Nearly half (46 percent) of all physicians report that they suffer from burnout, citing too many bureaucratic tasks as one reason. Providers want to find meaning in their work, and improvement on many current quality metrics do not predict better patient outcomes or experience of care. They are looking for tools to reduce their workload and improve their ability to provide excellent care, including having metrics and registries that are meaningful and informative.

Faced with the challenge of making quality measures meaningful, Partners HealthCare worked to redefine measures to be more relevant, create point-of-care registries to manage an all-payer population, created teams of Population Health Coordinators to support front-line teams in managing the registries, and used its analytics platform to monitor change and explore provider variation in order to improve quality. This resulted in:

  • 85 percent of clinicians surveyed felt that the new metrics helped them take better care of their patients.
  • Quality improved at an unprecedented rate on an all-payer population five times bigger than the standard pay-for-performance population.
  • Near real-time measurement using clinical data eliminated months-long delays, while run charts and provider and clinic-comparison views turbo charged quality improvement.
  • 125 percent increase in user adoption of the analytic tool (99 unique users, 674 unique sessions, and rising).
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Comprehensive Approach to CAUTI Prevention Leads to Dramatic Reduction in Infections

Despite being common, healthcare-associated infections are potentially deadly and carry a significant financial cost. Of healthcare associated infections, catheter-associated urinary tract infections (CAUTI) are one of the most common, despite most instances of CAUTI being preventable.

As CAUTI was determined to be one of the top five influential factors in the publicly report quality scores, Piedmont Healthcare looked to data for more visibility into factors that were contributing to CAUTI rate in an effort to permanently reduce the number of infections. By engaging staff for compliance with CAUTI prevention best practices, Piedmont has seen sustainable improvements.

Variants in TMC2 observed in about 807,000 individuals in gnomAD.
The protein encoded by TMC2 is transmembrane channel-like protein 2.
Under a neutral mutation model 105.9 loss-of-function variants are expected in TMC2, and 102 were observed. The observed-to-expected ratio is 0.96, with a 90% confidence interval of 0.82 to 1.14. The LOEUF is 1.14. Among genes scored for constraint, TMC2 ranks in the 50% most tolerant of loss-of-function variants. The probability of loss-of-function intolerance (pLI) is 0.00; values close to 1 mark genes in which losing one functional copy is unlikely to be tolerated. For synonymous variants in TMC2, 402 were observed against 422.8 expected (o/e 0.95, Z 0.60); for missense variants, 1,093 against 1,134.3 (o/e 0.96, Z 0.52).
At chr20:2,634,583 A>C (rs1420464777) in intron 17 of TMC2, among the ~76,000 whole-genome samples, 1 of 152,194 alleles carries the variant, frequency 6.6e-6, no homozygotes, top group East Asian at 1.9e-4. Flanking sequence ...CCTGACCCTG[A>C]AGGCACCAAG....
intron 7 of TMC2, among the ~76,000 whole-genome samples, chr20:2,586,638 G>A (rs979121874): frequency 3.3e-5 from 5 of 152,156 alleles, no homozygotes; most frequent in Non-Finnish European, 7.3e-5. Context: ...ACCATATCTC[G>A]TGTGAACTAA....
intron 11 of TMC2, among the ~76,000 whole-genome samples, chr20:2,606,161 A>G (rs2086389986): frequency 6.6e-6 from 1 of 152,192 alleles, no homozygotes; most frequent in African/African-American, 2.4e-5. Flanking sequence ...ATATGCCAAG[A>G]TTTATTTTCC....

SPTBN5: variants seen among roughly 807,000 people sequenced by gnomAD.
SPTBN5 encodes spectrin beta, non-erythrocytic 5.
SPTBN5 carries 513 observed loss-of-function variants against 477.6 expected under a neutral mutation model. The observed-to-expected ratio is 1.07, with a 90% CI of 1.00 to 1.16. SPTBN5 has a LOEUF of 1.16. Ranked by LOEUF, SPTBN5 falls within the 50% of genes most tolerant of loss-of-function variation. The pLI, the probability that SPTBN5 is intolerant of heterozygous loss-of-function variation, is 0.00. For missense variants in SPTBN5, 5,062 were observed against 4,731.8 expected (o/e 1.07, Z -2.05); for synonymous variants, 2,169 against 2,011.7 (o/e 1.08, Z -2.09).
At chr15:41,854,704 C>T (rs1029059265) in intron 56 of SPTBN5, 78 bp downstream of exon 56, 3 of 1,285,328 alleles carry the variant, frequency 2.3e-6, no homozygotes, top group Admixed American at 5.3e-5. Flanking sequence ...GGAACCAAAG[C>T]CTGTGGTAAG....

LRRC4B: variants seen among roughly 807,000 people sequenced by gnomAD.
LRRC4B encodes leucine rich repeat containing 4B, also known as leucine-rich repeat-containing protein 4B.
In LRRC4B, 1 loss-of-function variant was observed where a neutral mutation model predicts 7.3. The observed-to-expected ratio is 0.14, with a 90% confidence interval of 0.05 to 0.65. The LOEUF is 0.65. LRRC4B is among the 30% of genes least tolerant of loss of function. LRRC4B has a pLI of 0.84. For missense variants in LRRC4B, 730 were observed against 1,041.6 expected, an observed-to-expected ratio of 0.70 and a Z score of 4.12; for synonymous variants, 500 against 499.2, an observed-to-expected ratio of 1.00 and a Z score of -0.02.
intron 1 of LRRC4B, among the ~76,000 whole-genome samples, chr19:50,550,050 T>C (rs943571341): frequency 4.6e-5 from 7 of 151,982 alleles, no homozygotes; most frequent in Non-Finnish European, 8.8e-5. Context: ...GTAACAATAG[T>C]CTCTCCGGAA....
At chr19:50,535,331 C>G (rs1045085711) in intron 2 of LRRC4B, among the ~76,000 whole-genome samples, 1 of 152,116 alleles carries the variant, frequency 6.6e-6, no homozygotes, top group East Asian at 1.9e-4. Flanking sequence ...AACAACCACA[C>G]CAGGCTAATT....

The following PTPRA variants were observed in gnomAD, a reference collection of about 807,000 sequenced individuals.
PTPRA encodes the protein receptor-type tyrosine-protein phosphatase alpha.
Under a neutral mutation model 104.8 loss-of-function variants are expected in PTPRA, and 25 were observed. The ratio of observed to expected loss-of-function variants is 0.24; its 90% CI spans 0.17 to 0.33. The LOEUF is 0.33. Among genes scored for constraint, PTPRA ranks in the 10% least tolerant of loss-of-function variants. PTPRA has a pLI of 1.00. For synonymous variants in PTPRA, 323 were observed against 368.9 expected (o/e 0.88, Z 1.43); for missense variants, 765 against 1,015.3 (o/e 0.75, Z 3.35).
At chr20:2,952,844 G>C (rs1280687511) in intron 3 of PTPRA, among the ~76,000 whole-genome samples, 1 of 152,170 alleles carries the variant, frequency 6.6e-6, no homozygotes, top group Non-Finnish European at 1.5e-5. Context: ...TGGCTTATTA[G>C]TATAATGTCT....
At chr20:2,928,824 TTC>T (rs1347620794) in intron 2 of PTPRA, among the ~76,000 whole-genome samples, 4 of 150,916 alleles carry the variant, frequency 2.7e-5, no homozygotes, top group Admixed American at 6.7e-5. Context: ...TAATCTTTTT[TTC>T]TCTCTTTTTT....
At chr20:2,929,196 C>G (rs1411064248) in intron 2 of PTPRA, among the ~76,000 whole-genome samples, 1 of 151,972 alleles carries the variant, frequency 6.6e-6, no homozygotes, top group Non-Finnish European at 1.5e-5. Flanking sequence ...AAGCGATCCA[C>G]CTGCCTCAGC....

Results:

  • 50.2 percent relative reduction in CAUTI standardized infection ratio (SIR). This translates to 37 fewer patients with infections than expected.
  • 6.7 percent relative improvement in insertion bundle compliance.
  • Maintenance bundle compliance improved dramatically, with nearly a three-fold increase in the percentage of patients receiving the maintenance bundle.
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Using Analytics and Technology to Improve the ED Patient Experience

Substantial evidence indicates a correlation between a patient’s experience in a healthcare setting and adherence to medical advice, appropriate use of healthcare services, and clinical outcomes. Many organizations evaluate patient experience using Consumer Assessment of Healthcare Providers and Systems (CAHPS®) survey scores.

Mission Health’s patient experience survey scores in the emergency department (ED) were significantly lower than desired. Extended wait times negatively impact patient experience and perceptions of quality of care.

To improve the wait-time experience, Mission changed to a quick registration process, implemented patient notifications via text messaging, and began notifying patients of anticipated delays due to volume surges, thus better managing expectations. Text messaging also improved patient privacy, as did remodeling the waiting room to create a private registration area.

In just over a year, Mission’s ED achieved the highest patient experience ratings it had ever received:

  • Threefold improvement in patient ranking of:
    • Overall quality of care.
    • Provider communication.
  • 29 percent relative reduction in time from discharge order to patient discharge.
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Quick Registration Dramatically Reduces Delays in ED Patient Care

Patient registration is an essential step in the emergency department (ED) workflow—it is required to initiate EHR documentation and impacts patient safety. Correctly identifying patients during registration is critical, as caregivers use historical data in the EHR to make treatment decisions.

Mission Health, as part of its ongoing performance improvement work, discovered that its registration process was lengthy—patients were waiting in line for as long as 15 minutes to be checked into the ED to receive treatment.

To improve its registration process, Mission implemented a quick registration process (e.g., asking fewer questions upon patient presentation at the ED) based on frontline staff feedback that, in a little over one year, dramatically reduced delays in ED patient care: